Tuesday, 30 November 2010

New Blanket

I am still knitting even if I'm not blogging.  There are always reasons or excuses not to.  On several days it was too dark for taking photographs.  Then I got an e-mail saying that I was near my monthly allowance of broadband usage.  Today I will take the chance anyway.

I have started a new proper project, but I will write about my new blanket, #137, that I started several weeks ago.  This is one of the white blue green beige ones, so that I can use up some of the pale bright green and blue yarns.  It does not have the same feel of wool as #136 had, although there is quite a lot of wool there.  There is some acrylic but not much, and the remainder is what?  Some cotton, and I can't think of anything else.  I have come to the conclusion that I should use more old fashion pure wool DK yarns, because it feels so much better, instead of unravelled bought sweaters.  They don't feel so nice, even if they are pure wool.  I just have to get through the 50 odd sweaters in my store.

Here are two photographs of the blanket, one with flash and one without.

This if the first of the two unravelled sweaters bought from charity shops.  This one was bought because I could not resist it; in fact I could not resist the second one either.  It is a 1980s style large sweater in a slip stitch rib pattern with deep raglan sleeves in an off white colour.  There is a label in one side saying Jil Sander.  Can it really be Jil Sander?  The label does not have the name in large black letters as usual, but the name is quite clear.  Perhaps it was a sample.  It also says 50% alpaca 50% cotone, so made in Italy?  The yarn is nice and soft, several strands not spun together, slightly thinner than DK.  This is one of the easiest sweaters to unravel that I have ever experienced.  The seams were crocheted together, so once I found the end it took a second to undo.  The stitching was the same, and each piece came apart in a single thread from top to bottom.  I have not in fact used it for this blanket because I have plenty of pale coloured yarns that I want to use up first.

The second sweater, a cardigan, is my next Kaffe Fassett Persian Poppies pattern.  At least I thought it was when I bought it, but if it is it is a simplified version of the pattern.  I prefer to believe that it is anyway.  The cardigan is awful.  It is a children's size knitted in bright acrylics.  I bought it because I thought it was Kaffe Fassett and I saw it as an illustration of how awful his patterns can look in the wrong hands.  The knitter has gone to a lot of trouble to put the colours together, as you can distinguish the flowers against the background.  It is knitted tightly with the thinner yarns doubled.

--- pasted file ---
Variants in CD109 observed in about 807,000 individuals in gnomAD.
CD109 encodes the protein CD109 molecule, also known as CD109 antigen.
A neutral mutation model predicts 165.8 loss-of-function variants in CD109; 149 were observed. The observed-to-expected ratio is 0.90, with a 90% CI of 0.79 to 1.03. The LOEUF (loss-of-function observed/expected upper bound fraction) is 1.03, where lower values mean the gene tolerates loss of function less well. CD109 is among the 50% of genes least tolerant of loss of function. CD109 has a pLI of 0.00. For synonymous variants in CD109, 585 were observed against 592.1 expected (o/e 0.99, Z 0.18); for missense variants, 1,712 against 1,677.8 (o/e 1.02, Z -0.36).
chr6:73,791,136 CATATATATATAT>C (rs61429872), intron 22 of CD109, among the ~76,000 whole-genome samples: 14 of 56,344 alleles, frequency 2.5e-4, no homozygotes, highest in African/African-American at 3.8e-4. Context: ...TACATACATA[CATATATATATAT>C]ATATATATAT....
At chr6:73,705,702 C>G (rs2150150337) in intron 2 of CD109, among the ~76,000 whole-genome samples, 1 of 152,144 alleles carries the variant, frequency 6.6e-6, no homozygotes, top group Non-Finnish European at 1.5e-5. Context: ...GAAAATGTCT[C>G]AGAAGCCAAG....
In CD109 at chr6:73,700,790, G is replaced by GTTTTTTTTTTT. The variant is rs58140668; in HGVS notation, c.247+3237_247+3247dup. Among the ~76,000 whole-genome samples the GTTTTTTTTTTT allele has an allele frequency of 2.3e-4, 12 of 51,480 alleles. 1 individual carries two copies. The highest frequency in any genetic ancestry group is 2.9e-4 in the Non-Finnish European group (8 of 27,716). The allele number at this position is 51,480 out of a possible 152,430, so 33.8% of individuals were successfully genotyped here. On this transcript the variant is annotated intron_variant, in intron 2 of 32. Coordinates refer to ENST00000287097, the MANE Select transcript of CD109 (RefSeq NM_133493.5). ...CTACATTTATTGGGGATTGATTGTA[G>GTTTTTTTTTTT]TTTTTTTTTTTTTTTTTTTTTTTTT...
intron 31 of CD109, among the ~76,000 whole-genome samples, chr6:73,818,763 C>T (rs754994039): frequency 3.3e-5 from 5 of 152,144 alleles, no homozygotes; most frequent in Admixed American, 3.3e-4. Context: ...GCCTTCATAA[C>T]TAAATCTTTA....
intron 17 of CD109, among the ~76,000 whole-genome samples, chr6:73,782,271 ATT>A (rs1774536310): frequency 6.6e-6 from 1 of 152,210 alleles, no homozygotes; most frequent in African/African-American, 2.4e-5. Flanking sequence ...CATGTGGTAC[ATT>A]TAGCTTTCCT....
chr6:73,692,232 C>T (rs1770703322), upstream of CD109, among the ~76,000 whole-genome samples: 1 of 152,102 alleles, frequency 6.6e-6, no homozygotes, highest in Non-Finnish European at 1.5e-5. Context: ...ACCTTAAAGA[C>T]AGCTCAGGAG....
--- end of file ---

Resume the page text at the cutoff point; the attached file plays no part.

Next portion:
I thought that there were some wool yarns in there and I told myself that I can throw the acrylics away.  Now that it is unravelled I can say that there were a few wool, but very few, and it is becoming very difficult to dump the others.  I tell myself that a few acrylic strands won't be noticed in a full sized blanket.

My first Kaffe Fassett Persian Poppies sweater was very nice.


Wednesday, 3 November 2010

Rowan Tapestry sweater




Rowan Tapestry Marsh sweater

Yarn:  Rowan Tapestry, 70% wool 30% soya, Moorland shade, 380g
Needler: 3.75 mm
Tension: 24 st and 28 rows per 10 cm
Size: 8
Pattern: Marsh by Marie Wallin from the Rowan Tapestry Collection, with altered neckline
Knitted: 16 June to 3 October 2010

I bought nine balls of Rowan Tapestry in a charity shop several years ago, and last summer I finally got it out to knit it.  I wanted a simple pattern for a long-sleeved sweater, and I found one in the Rowan Tapestry Collection leaftlet that I bought in the Peter Jones sale.  The pattern is called Marsh by Marie Wallin.  The only change I made is the collar, because I wanted an open neck line.

The pattern was easy to follow although quite boring in places with just stocking stitch and nothing exciting.  My grudge with the pattern was the sizing.  It had double sizes, ie 8-10 together, and it would have meant ease of 12 cm for me.  I thought that excessive, so I used smaller needles to get a smaller size.  It worked and I'm very pleased with the size and the way it fits.  I shortened the body, the sleeves and the armholes, too, so I had to make the sleeves narrower and the sleeve head shorter.  It worked.

I was a bit suprised by how the hem turned out.  I did not appreciate what the instructions in the pattern meant, and it rolled up too much to my liking.  I cured it by placing a damp towel over the sweater when it was finished.  The sleeves rolled up much less, because they were much narrower.  I knitted the same rolled up edge for the neckline, and it looks and feels OK.

I really like the Tapestry yarn.  I like the colours and the random striping.  I tried to match the stripes when adding a new ball, but it did get tedious when there were knots in the yarn, and the new thread did not match the previous one.  Two balls out of the eight used had knots, and these were the balls with uneven yarn too, ie in some places it was thinner and in the others thicker.  The stripes on the back do not look good at all, but that is more to do with the yarn than with me.   Now when knitted the sweater feels soft and warm and lovely.